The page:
On any given day, New York City can be many things to many people. Williamsburg raves, food markets in Queens, Meatpacking lines, dive bar beers, three-Michelin star-meals, and pub trivia are just some of the endless options. One Perfect Night in NYC explores how locals take advantage of the city that never sleeps.
Adam Pally knows how to enjoy the finer things in life. Namely: caviar, designer clothing, and craft cocktails.
The New York City-based actor — who’s been on television shows ranging from Happy Endings to the Mindy Project — typically spends his days working on projects from his production/clothing company Clone Wolf or hanging with his wife and three kids.
Pally’s latest project is new YouTube show Champaign ILL, in which he plays a rapper’s hype guy who is adjusting to life after the rapper unexpectedly dies and his lavish lifestyle is cut off. Reviews so far are mostly positive.
“It’s one of my favorite things I’ve ever done. YouTube is really hands off in a good way,” he says. “It was a thrill to do something this big and expensive but have it totally be my voice.”
But when Pally isn’t working or at home with his family, things can get a little luxe: Caviar gets ordered, Japanese whisky gets poured, and money gets dropped on designer clothing. Here’s how to spend the perfect afternoon in NYC, according to city-native Pally.
Pally recruited his cousin and Clone Wolf coworker Ben Stricof to eat what Pally calls his “comfort food”: bagels and lox. At Major Food Group’s Jewish appetizing restaurant Sadelle’s in Soho, he and Stricof quickly ordered up a feast of bagels, a tuna melt, bloody marys, and full caviar service. He kvelled over the tuna melt sandwich, which came served on an inside out bagel. The restaurant, which comes from the same owners as Carbone and the Grill, is one of the more expensive Jewish institutions in town, but Pally does not mind.
“There’s a certain aesthetic that I like about it. It’s old-school, but it’s not hitting you over the head with its nostalgia. Sometimes other places like this, like nouveau Jew food, can feel contrived and theme-y. This place feels like what it is.” he says. “To me it’s the natural progression of art. You can buy a hoodie from Old Navy for 10 bucks and a hoodie from Off-White for 500 bucks. They’re both sweatshirts that cover your head, but there’s one that’s ‘cooler.’ Not saying it’s better, but one is more interesting to people.”
Pally grew up eating this type of Ashkenazi Jewish food and says he’s a discerning diner of that cuisine. “If it was bad, I would never come here,” he says.
463 West Broadway, between West Houston and Prince streets, Soho
Dover Street Market
Next up was a leisurely stroll through Dover Street Market, a decidedly hip department store in a former bank from the people behind uber-trendy Japanese fashion brand Comme des Garçons. Of course that label is available to buy, along with Gucci fur coats, Raf Simons bags, and Ana Khouri accessories.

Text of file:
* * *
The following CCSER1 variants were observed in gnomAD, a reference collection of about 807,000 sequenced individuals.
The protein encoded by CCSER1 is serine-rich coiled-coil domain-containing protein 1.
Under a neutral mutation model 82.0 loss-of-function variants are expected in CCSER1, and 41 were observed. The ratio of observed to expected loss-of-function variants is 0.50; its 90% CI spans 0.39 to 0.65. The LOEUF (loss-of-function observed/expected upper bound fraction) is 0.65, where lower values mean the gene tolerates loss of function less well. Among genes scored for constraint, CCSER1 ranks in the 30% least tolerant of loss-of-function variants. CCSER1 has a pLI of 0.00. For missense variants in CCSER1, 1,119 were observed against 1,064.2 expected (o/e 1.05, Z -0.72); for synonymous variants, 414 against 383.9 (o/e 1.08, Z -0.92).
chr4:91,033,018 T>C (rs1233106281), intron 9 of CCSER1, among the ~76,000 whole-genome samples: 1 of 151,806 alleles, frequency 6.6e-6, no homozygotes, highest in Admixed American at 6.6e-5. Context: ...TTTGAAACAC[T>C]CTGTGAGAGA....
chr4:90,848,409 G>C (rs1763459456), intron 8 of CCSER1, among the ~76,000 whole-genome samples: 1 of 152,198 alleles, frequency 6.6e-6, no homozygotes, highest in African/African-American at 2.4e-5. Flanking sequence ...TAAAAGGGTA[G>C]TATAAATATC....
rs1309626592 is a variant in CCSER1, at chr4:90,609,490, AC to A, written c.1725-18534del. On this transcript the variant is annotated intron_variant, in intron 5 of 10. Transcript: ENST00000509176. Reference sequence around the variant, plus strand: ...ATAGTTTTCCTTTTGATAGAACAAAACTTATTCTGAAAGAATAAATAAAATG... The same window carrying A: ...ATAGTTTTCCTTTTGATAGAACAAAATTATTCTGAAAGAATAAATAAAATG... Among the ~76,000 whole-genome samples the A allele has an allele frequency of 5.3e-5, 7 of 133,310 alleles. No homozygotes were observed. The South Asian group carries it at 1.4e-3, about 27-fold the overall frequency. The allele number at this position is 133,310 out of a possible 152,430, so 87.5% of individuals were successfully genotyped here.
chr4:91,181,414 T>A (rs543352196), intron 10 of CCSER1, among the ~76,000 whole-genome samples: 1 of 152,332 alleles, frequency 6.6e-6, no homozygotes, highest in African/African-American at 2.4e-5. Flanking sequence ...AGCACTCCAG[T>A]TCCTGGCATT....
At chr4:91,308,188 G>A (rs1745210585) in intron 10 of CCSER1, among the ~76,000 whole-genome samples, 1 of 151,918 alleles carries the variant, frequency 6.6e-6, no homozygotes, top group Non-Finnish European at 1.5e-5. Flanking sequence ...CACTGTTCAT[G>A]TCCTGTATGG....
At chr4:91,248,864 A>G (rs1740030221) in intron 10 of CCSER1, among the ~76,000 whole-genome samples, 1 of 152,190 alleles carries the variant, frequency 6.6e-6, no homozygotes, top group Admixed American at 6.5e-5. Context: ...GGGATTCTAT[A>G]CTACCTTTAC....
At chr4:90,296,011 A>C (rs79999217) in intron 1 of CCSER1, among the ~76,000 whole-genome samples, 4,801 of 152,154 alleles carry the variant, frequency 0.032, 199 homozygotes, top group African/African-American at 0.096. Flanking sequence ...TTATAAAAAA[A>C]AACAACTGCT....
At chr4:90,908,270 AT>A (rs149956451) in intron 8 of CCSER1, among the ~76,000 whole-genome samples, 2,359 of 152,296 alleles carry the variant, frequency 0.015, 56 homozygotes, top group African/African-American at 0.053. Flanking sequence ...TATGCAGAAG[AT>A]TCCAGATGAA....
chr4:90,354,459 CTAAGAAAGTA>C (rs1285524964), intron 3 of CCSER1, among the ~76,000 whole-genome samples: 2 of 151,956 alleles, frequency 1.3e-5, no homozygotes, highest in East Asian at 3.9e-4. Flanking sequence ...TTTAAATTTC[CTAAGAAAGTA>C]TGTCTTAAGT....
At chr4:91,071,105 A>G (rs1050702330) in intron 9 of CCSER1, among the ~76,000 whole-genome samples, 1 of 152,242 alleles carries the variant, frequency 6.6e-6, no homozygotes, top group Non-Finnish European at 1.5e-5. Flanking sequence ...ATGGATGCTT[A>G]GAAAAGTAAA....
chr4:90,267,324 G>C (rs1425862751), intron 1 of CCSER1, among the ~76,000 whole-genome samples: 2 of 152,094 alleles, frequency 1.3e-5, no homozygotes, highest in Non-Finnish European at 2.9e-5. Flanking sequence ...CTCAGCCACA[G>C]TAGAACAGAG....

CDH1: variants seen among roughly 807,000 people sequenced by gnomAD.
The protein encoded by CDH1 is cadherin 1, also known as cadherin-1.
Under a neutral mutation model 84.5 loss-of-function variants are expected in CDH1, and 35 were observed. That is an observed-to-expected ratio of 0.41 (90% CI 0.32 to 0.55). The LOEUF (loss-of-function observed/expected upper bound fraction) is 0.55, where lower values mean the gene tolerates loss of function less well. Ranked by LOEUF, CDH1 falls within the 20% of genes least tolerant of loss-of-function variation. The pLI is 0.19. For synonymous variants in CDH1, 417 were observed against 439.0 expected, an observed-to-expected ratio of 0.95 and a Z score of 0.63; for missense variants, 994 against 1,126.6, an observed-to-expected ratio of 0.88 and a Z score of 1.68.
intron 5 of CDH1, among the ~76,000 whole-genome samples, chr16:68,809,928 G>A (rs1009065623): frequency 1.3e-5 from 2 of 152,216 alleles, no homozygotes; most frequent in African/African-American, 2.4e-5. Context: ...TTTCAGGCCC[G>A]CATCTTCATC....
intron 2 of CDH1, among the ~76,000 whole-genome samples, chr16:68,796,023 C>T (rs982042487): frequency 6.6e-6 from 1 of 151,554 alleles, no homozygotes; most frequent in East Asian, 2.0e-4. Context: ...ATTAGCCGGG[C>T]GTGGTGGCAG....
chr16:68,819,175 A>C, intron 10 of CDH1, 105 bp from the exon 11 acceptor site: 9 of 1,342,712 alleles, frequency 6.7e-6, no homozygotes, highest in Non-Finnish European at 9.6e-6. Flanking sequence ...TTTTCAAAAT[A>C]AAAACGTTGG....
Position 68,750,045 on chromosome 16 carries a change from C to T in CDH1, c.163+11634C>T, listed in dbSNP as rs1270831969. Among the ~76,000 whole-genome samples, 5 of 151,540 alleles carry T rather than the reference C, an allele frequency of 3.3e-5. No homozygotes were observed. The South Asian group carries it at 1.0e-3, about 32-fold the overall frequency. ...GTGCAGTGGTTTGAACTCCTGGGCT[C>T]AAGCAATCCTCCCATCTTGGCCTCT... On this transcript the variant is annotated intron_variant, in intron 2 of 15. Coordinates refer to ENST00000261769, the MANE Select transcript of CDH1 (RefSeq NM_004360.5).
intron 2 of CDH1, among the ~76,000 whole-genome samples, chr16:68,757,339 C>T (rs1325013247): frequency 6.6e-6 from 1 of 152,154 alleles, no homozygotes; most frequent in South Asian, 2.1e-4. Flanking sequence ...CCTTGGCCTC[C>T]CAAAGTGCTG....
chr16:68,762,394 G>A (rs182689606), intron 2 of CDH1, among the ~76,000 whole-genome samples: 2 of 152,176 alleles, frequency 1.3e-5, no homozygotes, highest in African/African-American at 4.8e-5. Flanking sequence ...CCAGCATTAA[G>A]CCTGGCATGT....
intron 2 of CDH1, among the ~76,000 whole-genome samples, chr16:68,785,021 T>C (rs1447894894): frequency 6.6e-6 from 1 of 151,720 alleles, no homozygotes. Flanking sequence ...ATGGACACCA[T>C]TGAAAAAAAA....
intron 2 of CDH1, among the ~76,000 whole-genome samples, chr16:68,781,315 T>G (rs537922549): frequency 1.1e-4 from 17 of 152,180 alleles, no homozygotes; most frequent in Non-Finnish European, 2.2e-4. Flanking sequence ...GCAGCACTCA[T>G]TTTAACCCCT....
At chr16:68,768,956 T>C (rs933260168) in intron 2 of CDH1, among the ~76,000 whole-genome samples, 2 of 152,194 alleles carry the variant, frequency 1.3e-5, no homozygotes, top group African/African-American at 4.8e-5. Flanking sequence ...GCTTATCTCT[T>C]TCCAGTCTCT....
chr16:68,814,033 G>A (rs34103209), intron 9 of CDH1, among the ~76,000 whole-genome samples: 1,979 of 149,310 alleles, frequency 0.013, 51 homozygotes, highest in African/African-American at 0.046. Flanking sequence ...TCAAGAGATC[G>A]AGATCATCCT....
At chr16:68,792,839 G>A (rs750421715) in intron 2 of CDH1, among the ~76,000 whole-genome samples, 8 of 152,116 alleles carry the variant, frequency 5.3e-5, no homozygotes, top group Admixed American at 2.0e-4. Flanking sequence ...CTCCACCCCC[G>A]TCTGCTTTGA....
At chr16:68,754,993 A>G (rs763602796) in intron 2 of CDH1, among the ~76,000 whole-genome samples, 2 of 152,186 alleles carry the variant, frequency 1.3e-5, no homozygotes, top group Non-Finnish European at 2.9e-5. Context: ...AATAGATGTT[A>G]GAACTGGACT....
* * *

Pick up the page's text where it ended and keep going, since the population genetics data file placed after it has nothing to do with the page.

“It’s one of my favorite spots in New York,” Pally says. “I get there probably once a month to see what’s going on.”
Pally certainly knew his way around the eight floors, deftly navigating hidden stairwells and zeroing in on items he wanted to purchase. The store is set up by brand, with minimalist areas set up to display fashion that also draws the likes of Maria Sharapova, Jay Z, Pharrell, and Kanye West. Weaved throughout are various art installations, a glass elevator, and a cafe.
Rose Bakery is on Dover Street Market’s ground floor, serving omelets, soup, pasta, and more from Rose Carrarini. Like the store, the cafe is also in Paris, Tokyo, and London. As is Dover Street Market’s MO, there’s a very specific aesthetic here, with custom ceramics from Made in Cley, the elusive but desired oat milk, and seasonally changing dishes. Pally likes to caffeine up here before continuing on with the rest of his day.
During check out, a barista handed Pally an oat milk matcha latte along with a handshake. Pally’s final haul included a Bianca Chandon hoodie, an Awake NY bag, A Cold Wall sneakers, and Nike sneakers.
160 Lexington Ave., at 30th Street, Murray Hill
The original plan for the day’s ender was to head to Polo Bar, a place Pally has always wanted to check out.
“I’ve never been before. New York to me is familiar, but different all the time, where it’s like, ‘I didn’t even know this was here,’” he says. “There are too many creative people and too much energy to get it all. That’s the best part of New York.”
But Pally forgot a sports jacket, so the plan was diverted to an equally luxurious place for a drink. There may be no bar in New York more grand than NoMad Bar in the NoMad Hotel, from the Eleven Madison Park team.
The space itself is always buzzing, and on the day Pally went, there was a line of people waiting for the 5 p.m. open. He immediately headed for the bar and went for a Nikka neat — a Japanese whisky brand served without ice.
Pally is familiar with the space, heading here often, especially before a Knicks game.
“And then maybe after,” he says.
10 West 28th St., between Broadway and Fifth Avenue, Nomad